Barefoot Book Club: ALL THE LIGHT WE CANNOT SEE by Anthony Doerr (My Thoughts and Opinions)

imageHaving chosen ALL THE LIGHT WE CANNOT SEE, by Anthony Doerr as the first Barefoot Book Club book and knowing that the author had spent ten years completing the manuscript, I decided to spend time with it, rather than racing through it to see what happened.  I am so glad I did.

I hope some of you out there in Cyberspace, who have read this book also will share your insights and opinions about this work, because besides the wine, tea, coffee and desserts, ISN’T that what book clubs are all about?

The diamond with its haunting myth of eternal life with eternal personal misery for the possessor presented an apt description of hell. Beautiful and dangerous, locked in total darkness, worth a king’s ransom and yet until Marie-Laure no one dared consider the simplist solution of all RETURN IT TO THE SEA.  Throw the damned thing away.  Five Eiffel Towers could not make up for the loss of her father, Madame, the destruction of St. Malo or her vision.

Marie-Laure has her sight until she is six years old, but her father, locksmith for the Museum of Natural History refuses to allow her disability to define her. He builds a miniature of their neighborhood, he fashions puzzle boxes for her to solve, he teaches her to negotiate the streets and to read braille. One of her most treasured gifts from him is Jules Verne’s 20,000 LEAGUES UNDER THE SEA.  Every birthday he gives her a puzzle box to open and when they flee Paris, he builds yet another city’s neighborhood and hides a precious object in a puzzle house for her.

Werner and Jutta have active inquisitive minds, but no prospects of using them.  Werner is told over and over again that his future is set. When he is fifteen, he will go into the coal mines, the very place that took his father’s life.  Still he records the questions he has about “how things work” in the world he observes. Until he finds the pieces of a radio, which he brings to life. The siblings crouch around the instrument night after night, listening to music and to a broadcast from France.  A broadcast with science lessons for children.  From the moment the radio parts are found, Werner’s life path alters in such a way he could never have imagined, a world that enlightens his mind even as the blindness of those around him forces him to face man’s inhumanity to man.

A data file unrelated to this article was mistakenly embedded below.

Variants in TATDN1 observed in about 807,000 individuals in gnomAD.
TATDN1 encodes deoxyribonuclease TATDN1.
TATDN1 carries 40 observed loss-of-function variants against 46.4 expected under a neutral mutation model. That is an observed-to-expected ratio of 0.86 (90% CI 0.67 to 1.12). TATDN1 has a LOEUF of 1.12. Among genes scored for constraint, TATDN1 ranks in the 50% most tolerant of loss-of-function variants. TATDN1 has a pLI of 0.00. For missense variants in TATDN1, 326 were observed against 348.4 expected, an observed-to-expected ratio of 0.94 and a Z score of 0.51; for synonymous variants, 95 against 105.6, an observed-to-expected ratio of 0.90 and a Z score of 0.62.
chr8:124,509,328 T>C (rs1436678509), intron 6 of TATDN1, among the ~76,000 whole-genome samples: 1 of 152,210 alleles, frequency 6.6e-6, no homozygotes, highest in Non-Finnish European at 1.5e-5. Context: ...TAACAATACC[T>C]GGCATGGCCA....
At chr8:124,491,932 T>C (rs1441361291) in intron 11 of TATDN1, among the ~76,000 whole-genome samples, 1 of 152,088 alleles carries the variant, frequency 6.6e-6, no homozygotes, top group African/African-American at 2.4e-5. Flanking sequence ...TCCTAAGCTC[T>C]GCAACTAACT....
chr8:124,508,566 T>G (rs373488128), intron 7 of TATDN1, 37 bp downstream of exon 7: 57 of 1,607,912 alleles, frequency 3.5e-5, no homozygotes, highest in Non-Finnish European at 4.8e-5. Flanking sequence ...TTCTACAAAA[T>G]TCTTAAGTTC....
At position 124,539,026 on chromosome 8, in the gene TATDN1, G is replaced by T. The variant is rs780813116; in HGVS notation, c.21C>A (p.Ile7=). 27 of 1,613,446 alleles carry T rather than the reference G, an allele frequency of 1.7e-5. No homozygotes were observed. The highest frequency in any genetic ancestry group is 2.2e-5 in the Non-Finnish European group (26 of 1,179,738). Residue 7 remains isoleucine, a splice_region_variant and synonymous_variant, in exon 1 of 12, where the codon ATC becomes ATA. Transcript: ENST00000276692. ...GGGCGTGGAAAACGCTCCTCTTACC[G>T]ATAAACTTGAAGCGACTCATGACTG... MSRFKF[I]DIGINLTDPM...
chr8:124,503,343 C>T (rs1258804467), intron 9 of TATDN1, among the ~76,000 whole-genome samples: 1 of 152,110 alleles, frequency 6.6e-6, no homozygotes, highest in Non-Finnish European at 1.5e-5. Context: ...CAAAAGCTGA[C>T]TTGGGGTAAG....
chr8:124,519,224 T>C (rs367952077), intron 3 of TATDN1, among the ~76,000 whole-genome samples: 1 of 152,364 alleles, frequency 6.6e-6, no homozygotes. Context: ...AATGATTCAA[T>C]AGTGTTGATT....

The novel follows both Marie-Laure and Werner as separate stories like pieces of a puzzle, each discovered piece revealing a connection that took the forces of war, the power of radio waves and the illumination of the human spirit to expose.

Marie-Laure chases light with the tips of her fingers on the braille type, on the minature village, and as she gathers shells and tends to the snails, but still a darkness much greater than her blindness closes in. Although as the reader, I know how extraordinary and brave she is, she does not.  One of my favorite quotes from the book expresses this:

“But it is not bravery; I have no choice. I wake up and live my life. Don’t you do the same?”
― Anthony Doerr, All the Light We Cannot See

Werner’s quest for light comes through mathmatics and radio waves but rather than setting him free from the darkness of the mines, it leads him into war and a greater darkness than any mine.  It brings him to St. Malo where as he waits to die in the basement of the hotel after the bombing has trapped his unit  the horrors he has participated in haunt his dreams. There with the radio batteries dying he manages to capture a radio broadcast that brings him hope and leads him to rescue Marie-Laure.

A few hours sharing a can of peaches, revealing to each other memories and feelings are the sum total of these light seekers time together.   As they move from the house, she to safe ground and he to surrender to the Americans she shares with him her secret grotto of protected snails… leaving the diamond in its container to be washed away.

In all of this another line from the book struck me with its truth, for if the brains who have power in this world are full of darkness…well, darkness cannot beget light…

“So how, children, does the brain, which lives without a spark of light, build for us a world full of light?”

In truth, a diamond for all its brilliance is a cold dark object the result of heat, pressure, and time on carbon…it cannot produce light. It has no spark.

Marie-Laure and Werner lived in darkness, but in both was a spark of light…and a Spark is light in the darkness. . .and as the old Church Camp hymn “Pass it On” says, ‘It ony takes a spark to get a fire going..”

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